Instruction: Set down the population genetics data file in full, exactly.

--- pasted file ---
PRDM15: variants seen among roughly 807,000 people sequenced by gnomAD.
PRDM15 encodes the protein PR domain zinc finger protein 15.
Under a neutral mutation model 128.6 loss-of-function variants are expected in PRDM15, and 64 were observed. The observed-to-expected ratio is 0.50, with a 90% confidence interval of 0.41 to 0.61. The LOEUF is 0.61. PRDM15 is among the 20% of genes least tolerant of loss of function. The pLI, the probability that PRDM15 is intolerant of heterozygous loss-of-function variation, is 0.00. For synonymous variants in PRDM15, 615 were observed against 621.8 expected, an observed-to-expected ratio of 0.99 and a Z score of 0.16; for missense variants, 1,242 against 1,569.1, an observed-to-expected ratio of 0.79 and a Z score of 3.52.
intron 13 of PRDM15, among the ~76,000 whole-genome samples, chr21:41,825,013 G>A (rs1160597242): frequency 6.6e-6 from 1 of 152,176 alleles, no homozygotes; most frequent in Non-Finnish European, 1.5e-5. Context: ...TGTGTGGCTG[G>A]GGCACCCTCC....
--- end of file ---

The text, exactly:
PRDM15: variants seen among roughly 807,000 people sequenced by gnomAD.
PRDM15 encodes the protein PR domain zinc finger protein 15.
Under a neutral mutation model 128.6 loss-of-function variants are expected in PRDM15, and 64 were observed. The observed-to-expected ratio is 0.50, with a 90% confidence interval of 0.41 to 0.61. The LOEUF is 0.61. PRDM15 is among the 20% of genes least tolerant of loss of function. The pLI, the probability that PRDM15 is intolerant of heterozygous loss-of-function variation, is 0.00. For synonymous variants in PRDM15, 615 were observed against 621.8 expected, an observed-to-expected ratio of 0.99 and a Z score of 0.16; for missense variants, 1,242 against 1,569.1, an observed-to-expected ratio of 0.79 and a Z score of 3.52.
intron 13 of PRDM15, among the ~76,000 whole-genome samples, chr21:41,825,013 G>A (rs1160597242): frequency 6.6e-6 from 1 of 152,176 alleles, no homozygotes; most frequent in Non-Finnish European, 1.5e-5. Context: ...TGTGTGGCTG[G>A]GGCACCCTCC....